Honoring Your Transformation

Constantly working on self-transformation is one thing, but standing up for it is quite another, as I learned from my mentor GD a few months ago. It was the day after a powerful weekend workshop on ending victim consciousness, and we were sitting on his verandah with another friend Shaun. There was a lingering glow of the ecstatic joy and empowerment, but there was still a gnawing uneasiness inside. It was the fear of saying out loud that we did not feel like victims anymore – of standing up as we were. The conversation moved to an important subject I had never considered: the importance of honoring your transformation.

“If you do not acknowledge what happened yesterday,” GD reminded us, “you are actually diminishing yourself. The mind makes you afraid that if you truly ‘own’ your transformation, people will judge you and criticize you. Or, you will fall down and be worse off than when you started. So you often betray your own transformation.”

Shaun spoke up, expressing a common problem: whenever he talks about “spiritual stuff” to others, he feels so nervous and confused, he almost goes into the discussion expecting to be ridiculed.

“The world will always reflect what you think you are inside,” GD replied. “Because you haven’t got faith in your own transformation, your own journey, your own process, you are, at some level, beaming that out to the world. When we are in sync, we say: this is where I am, and there is more to be done. When we are out of sync, we either pretend to be perfect and sermonize, or we go to the other extreme and say ‘I have not really got anything’. But both are not in integrity, and will make us uncomfortable.”

I quietly recalled how it took me many years to come out of my spiritual closet. Ten years in a company and no one in office really knew what I did on weekends. If someone else brought the subject up, I would either dismiss it or diminish it into a joke, but always avoid speaking simply and clearly about it. I did not fit in, but I made an effort not to stand out either. I never acknowledged any spiritual progress to myself either, believing it would be arrogant to claim to be anything but a poor-struggling-seeker. I considered it self-effacing humility, but was it really Self-betrayal?

As GD continued to speak, he put it into a unique perspective: “Remember, that if you can’t honor your transformation, you can never truly honor your teachers. You cannot honor them because you don’t believe anything has really happened.”

Later, I spent some time with myself writing down how I am different from what was five years ago. I realized while writing that the mind habitually weighs us down by noticing one wrong amidst ninety-nine rights – it notices the painful itch, not the healthy body. So doing this exercise sincerely – without trying to falsify, exaggerate, prove or improve anything – felt amazing!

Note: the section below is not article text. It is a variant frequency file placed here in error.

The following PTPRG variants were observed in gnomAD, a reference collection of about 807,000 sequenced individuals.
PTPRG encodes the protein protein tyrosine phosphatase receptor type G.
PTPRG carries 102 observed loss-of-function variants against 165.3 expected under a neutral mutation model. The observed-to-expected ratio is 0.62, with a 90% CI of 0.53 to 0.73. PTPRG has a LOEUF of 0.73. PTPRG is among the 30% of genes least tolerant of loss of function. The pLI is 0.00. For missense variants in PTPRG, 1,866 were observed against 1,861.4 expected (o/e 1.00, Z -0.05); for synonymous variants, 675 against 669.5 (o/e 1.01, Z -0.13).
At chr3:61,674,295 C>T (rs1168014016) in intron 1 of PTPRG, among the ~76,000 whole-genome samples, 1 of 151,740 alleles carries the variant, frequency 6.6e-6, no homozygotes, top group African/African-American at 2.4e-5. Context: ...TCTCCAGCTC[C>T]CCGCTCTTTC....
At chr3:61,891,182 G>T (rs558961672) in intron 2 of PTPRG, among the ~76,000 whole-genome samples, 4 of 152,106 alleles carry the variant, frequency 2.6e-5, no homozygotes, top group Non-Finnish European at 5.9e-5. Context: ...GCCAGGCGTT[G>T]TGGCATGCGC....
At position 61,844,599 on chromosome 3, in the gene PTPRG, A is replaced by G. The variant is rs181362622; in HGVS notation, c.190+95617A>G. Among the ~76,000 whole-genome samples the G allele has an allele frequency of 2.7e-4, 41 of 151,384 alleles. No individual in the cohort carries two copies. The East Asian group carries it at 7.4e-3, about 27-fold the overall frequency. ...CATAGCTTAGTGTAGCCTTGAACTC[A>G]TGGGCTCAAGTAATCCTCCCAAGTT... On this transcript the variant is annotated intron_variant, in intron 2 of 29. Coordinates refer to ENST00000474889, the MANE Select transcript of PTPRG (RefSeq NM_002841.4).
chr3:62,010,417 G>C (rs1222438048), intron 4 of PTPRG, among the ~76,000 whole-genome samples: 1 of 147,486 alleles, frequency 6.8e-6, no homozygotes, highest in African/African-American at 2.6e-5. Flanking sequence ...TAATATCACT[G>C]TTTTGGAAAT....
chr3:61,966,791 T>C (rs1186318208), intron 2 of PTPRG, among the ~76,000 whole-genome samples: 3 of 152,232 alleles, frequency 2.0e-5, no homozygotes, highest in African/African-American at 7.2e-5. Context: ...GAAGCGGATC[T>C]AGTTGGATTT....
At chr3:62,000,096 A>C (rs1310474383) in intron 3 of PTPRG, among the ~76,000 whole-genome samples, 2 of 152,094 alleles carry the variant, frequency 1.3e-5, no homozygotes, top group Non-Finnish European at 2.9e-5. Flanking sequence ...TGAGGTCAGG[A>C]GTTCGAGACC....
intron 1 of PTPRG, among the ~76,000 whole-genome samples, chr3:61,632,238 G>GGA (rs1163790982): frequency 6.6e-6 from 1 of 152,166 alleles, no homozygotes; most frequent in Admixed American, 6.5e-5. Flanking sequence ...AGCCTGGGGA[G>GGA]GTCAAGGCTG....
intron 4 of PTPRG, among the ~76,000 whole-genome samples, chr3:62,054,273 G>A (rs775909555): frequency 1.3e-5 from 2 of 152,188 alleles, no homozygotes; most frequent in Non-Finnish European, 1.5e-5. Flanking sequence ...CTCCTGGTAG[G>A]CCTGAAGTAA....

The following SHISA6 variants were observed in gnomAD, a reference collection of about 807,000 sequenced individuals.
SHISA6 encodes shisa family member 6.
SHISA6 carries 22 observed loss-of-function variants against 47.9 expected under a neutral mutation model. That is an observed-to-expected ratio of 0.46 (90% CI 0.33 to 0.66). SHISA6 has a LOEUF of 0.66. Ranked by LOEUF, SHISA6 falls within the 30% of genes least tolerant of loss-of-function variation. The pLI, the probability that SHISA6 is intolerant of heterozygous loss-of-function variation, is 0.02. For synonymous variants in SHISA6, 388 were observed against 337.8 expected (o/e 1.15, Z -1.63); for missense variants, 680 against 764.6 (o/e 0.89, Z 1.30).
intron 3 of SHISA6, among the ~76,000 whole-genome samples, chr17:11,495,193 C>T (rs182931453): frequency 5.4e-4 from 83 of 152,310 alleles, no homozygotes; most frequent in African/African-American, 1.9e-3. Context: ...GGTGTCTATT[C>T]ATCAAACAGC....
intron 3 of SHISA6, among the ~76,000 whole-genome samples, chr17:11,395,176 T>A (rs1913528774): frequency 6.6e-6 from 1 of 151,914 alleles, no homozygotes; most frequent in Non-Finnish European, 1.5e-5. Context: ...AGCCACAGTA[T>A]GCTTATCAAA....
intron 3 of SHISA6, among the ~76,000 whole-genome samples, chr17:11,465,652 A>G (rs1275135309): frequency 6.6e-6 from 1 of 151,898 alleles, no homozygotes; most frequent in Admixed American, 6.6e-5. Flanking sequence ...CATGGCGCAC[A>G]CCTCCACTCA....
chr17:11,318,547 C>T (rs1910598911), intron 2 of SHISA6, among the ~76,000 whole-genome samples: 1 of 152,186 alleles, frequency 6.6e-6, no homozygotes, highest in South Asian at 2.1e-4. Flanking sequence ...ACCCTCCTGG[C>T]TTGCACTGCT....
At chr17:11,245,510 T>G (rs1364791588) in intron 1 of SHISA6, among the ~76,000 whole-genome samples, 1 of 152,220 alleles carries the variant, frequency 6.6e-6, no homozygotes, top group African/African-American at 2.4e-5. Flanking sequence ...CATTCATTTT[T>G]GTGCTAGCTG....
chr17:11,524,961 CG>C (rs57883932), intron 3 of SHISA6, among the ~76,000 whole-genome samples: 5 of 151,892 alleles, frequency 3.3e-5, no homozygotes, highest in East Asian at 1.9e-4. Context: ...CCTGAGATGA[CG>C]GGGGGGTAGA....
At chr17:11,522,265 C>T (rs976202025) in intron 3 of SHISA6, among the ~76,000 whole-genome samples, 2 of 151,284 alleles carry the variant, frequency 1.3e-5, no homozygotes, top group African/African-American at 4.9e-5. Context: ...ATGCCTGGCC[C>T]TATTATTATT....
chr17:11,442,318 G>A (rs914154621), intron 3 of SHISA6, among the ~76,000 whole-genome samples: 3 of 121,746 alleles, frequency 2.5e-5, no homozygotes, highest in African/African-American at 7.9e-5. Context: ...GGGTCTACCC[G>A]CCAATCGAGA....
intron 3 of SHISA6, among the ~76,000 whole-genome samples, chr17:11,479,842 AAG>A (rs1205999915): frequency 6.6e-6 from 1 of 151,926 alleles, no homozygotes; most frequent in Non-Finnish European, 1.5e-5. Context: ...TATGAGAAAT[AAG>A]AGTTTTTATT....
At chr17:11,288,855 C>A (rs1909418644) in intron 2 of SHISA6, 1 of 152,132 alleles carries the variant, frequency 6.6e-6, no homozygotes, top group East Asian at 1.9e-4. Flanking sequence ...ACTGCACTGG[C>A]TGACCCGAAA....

So give yourself this gift today. Take some time off to honor your evolution.

Stunning image used under Creative Commons from AlicePopkorn

15 thoughts on “Honoring Your Transformation

  1. Great though…completly agree on acknowledging what you said..however there is a thin line between acknowledging the transformation to boasting something I have achieved.
    More often people boast in the name of transformation and in reality not an iota of their being has changed.
    However self recognition and accepting is the key. The times when i have said it lound to myself are the times when the changed has lived in me longer then expected..!!

    • Yes, so well said.
      I was at the other extreme of being so much weighed down by “humility” that I thought loving myself and acknowledging myself was a sin!
      The point is to acknowledge it to yourself at least – duniya gayi bhaad mein! Anyway, the world reflects what you believe inside so it doesn’t matter… 🙂

    • Thanks… I am glad it resonated. It was a difficult one to write – finding the balance between the path of mastery where there is perceived progress, and the path of transcendence (ie: advaita) where the only “progress” is going beyond all progress! 🙂

  2. Thank you for these words of honesty. David Bingham says, we are a construct determined by choices made on some level prior to this. Some of us want to be in control and others feel they’re inferior – same both ways – we may be seeking the circumstances that match the choice… but the key to it is that we are the ‘infinite being’ and knowing this clears away all the limitations

  3. Pingback: Transformation and Celebration « Communication and the Mystery of 2012

  4. Great blog. This is such a big theme in my own process and the timing with which it got to me is truly miraculous. I was dealing with the exact same issue yesterday at the same moment my girlfriend printed this post for me. Incredible, I could write a post about this myself right now, well actually just did so. Many thanks for the inspiration!

  5. ‘Bumping’ into it now when I just realized that I have not been honoring my own transformations…that it is okay to talk about challenges you have overcome. Even though I never was in a closet, I was afraid of speaking about my transformations feeling like it would be akin to boasting about achievements. Lately though I have been realising that it is okay to speak about challenges and how you overcame them and for that, the self-work necessary is to write it out to yourself, for yourself and celebrate it. 🙂
    Much much thanks Aalif…how powerful this connection is! 🙂

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